Ofgem introduce safeguard energy tariff as cap stopgap
OFGEM have announced they are to reduce the energy bills of one million vulnerable households in February, when they extend their safeguard tariff to customers on standard variable tariffs (SVTs).
The safeguard tariff already applies to customers on prepayment meters, yet Ofgem are now consulting on applying it to SVT customers who receive the Warm Home Discount (WHD).
This move comes as the Government move ahead with legislation for a universal SVT price cap, which reportedly won't be in force until next winter at the earliest.
Yet while Ofgem believe that the safeguard tariff will save customers £120 a year, the regulator state that it will "fall away" once the Government's planned cap comes into effect, leaving the same vulnerable customers at the possible mercy of a cap that might leave room for modes rises.
The announcement of the safeguard tariff comes after a previous winter of high price rises, which have seen the gap between the SVTs and fixed deals of the Big Six providers rise from £70 last November to £109 in July (according to research conducted by challenger supplier Bulb).
Yet when challenger suppliers are brought into the equation, the gap is often even wider, with the distance between British Gas' SVT and the Green Network Energy's one-year fixed tariff, for instance, standing at £280 (£840 versus £1,120).
And what makes this differential worse is that customers on SVTs tend to be older and/or poorer: just the kind of people less able to afford steeper rates.
For instance, Ofgem's 2017 Consumer Engagement in the Energy Market report mentioned the Competition and Markets Authority's database of customers who've been on an SVT for three or more years. It noted, "membership [is] more common amongst younger and older people (16-34s and 65+s), C2DEs, lower income households and infrequent/non-users of the internet".
And this is mostly why there have been calls for SVTs to be capped, yet it's likely that the Government's proposed cap on all standard tariffs won't be enforceable until at least winter 2018.
As such, Ofgem have announced they're to extend their Safeguard Tariff to vulnerable customers on SVTs.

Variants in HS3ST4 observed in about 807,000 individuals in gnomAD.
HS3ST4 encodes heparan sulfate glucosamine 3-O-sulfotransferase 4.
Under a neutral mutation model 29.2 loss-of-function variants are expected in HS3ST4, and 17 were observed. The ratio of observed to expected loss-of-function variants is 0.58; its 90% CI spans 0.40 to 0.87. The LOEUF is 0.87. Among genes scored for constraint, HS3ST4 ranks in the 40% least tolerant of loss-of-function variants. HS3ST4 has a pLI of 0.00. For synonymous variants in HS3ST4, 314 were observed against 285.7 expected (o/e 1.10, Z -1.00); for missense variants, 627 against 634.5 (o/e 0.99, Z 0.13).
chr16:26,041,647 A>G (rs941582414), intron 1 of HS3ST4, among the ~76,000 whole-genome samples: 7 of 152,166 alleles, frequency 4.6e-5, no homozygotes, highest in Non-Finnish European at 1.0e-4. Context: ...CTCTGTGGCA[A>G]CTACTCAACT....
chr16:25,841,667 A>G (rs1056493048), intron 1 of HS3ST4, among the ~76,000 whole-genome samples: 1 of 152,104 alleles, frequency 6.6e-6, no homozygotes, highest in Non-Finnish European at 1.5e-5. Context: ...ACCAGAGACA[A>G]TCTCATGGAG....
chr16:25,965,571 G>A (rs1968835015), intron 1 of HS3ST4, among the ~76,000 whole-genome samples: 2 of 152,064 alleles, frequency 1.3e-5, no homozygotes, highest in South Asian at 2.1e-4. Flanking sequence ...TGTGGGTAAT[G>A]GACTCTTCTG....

Here, "vulnerable" means those customers receiving the Warm Home Discount, which itself is open to retirees in receipt of the Guarantee Credit element of Pension Credit. It's also open to those who are on low incomes or get "certain means-tested benefits", which may include any of the following:
- Income-based Jobseeker's Allowance
- Income-related Employment and Support Allowance
- Income Support
- Tax Credits (Child Tax Credit and Working Tax Credit)
- Housing Benefit
- Council Tax Support
- Social Fund (Sure Start Maternity Grant, Funeral Payment,Cold Weather Payment)
- Universal Credit
And with the Safeguard Tariff, people in receipt of such benefits (and on SVTs) will save around £120 a year, Ofgem expect. This is £40 higher than the £80 a year customers on prepay meters already save thanks to the Tariff, which was first introduced in April.
Speaking of their intention to help customers, Ofgem's chief executive, Dermot Nolan, said, "Ofgem shares the Government's concern that the energy market is not working for all consumers and is determined to reduce the detriment suffered by those overpaying for their energy, particularly those who are vulnerable".
Their hope for the tariff was largely shared by consumer groups, with Citizens Advice's Gillian Guy commenting, "We have long been calling for a safeguard tariff to cap bills for the poorest pensioners and families as a first step, alongside action to protect the millions of other loyal customers paying over the odds on default tariffs".
However, while the potential £120 saving of the tariff will plug the £109 gap between the average SVT and average fixed tariff of the Big Six energy providers, it's dwarfed by the difference between Big Six SVTs and the cheapest possible fixed deals (i.e. from independent suppliers).
For instance, Ofgem themselves admit in their consultation letter that the
"price difference between the average SVTs from the six largest suppliers and the cheapest tariff in the market recently reached nearly £320".
Because of this, the Safeguard Tariff will be no substitute for customers actually engaging in the market and finding the cheapest possible fixed deal, a criticism that may also end up being applicable to the Government's general SVT cap, once it's finally introduced.
In fact, the potential concerns don't stop there, since Ofgem note that the "vulnerable customer safeguard tariff will fall away when the Government's price cap is implemented or by the end of 2019".
And once it's fallen away, the same vulnerable customers may find they aren't as well protected from rises by the Government's price cap.
That's because, as with the original, pre-election plans to cap SVTs, there's a possibility that the absolute cap being proposed will simply prompt suppliers to quickly raise their prices to the upper limit.